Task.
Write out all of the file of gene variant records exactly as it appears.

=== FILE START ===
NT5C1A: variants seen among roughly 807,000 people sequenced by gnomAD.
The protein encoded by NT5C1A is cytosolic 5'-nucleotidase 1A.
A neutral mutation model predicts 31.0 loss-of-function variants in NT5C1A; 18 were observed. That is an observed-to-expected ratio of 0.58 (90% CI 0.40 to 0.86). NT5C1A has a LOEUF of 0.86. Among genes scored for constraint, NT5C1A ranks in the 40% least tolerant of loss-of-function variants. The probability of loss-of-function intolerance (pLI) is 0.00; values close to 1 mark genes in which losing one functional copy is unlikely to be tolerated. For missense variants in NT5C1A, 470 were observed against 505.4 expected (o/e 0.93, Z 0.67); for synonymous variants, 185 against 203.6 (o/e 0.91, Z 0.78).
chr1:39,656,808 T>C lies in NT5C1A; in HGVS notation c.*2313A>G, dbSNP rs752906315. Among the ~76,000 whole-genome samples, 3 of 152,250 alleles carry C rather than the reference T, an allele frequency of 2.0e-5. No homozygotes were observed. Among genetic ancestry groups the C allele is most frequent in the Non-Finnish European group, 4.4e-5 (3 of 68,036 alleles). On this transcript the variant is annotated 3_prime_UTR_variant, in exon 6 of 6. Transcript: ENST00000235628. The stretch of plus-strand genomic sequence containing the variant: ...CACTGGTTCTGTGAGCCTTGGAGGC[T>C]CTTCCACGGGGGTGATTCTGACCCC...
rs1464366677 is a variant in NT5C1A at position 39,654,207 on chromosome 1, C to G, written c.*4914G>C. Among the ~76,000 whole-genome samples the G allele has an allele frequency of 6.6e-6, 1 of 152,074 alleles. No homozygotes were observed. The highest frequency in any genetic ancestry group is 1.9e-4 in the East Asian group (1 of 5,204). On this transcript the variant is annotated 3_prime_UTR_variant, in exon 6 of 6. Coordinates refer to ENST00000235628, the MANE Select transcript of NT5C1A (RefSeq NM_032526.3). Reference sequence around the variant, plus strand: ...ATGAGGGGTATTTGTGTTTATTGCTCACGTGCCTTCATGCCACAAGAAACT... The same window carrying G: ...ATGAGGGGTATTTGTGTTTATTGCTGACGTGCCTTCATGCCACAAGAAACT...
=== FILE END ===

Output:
NT5C1A: variants seen among roughly 807,000 people sequenced by gnomAD.
The protein encoded by NT5C1A is cytosolic 5'-nucleotidase 1A.
A neutral mutation model predicts 31.0 loss-of-function variants in NT5C1A; 18 were observed. That is an observed-to-expected ratio of 0.58 (90% CI 0.40 to 0.86). NT5C1A has a LOEUF of 0.86. Among genes scored for constraint, NT5C1A ranks in the 40% least tolerant of loss-of-function variants. The probability of loss-of-function intolerance (pLI) is 0.00; values close to 1 mark genes in which losing one functional copy is unlikely to be tolerated. For missense variants in NT5C1A, 470 were observed against 505.4 expected (o/e 0.93, Z 0.67); for synonymous variants, 185 against 203.6 (o/e 0.91, Z 0.78).
chr1:39,656,808 T>C lies in NT5C1A; in HGVS notation c.*2313A>G, dbSNP rs752906315. Among the ~76,000 whole-genome samples, 3 of 152,250 alleles carry C rather than the reference T, an allele frequency of 2.0e-5. No homozygotes were observed. Among genetic ancestry groups the C allele is most frequent in the Non-Finnish European group, 4.4e-5 (3 of 68,036 alleles). On this transcript the variant is annotated 3_prime_UTR_variant, in exon 6 of 6. Transcript: ENST00000235628. The stretch of plus-strand genomic sequence containing the variant: ...CACTGGTTCTGTGAGCCTTGGAGGC[T>C]CTTCCACGGGGGTGATTCTGACCCC...
rs1464366677 is a variant in NT5C1A at position 39,654,207 on chromosome 1, C to G, written c.*4914G>C. Among the ~76,000 whole-genome samples the G allele has an allele frequency of 6.6e-6, 1 of 152,074 alleles. No homozygotes were observed. The highest frequency in any genetic ancestry group is 1.9e-4 in the East Asian group (1 of 5,204). On this transcript the variant is annotated 3_prime_UTR_variant, in exon 6 of 6. Coordinates refer to ENST00000235628, the MANE Select transcript of NT5C1A (RefSeq NM_032526.3). Reference sequence around the variant, plus strand: ...ATGAGGGGTATTTGTGTTTATTGCTCACGTGCCTTCATGCCACAAGAAACT... The same window carrying G: ...ATGAGGGGTATTTGTGTTTATTGCTGACGTGCCTTCATGCCACAAGAAACT...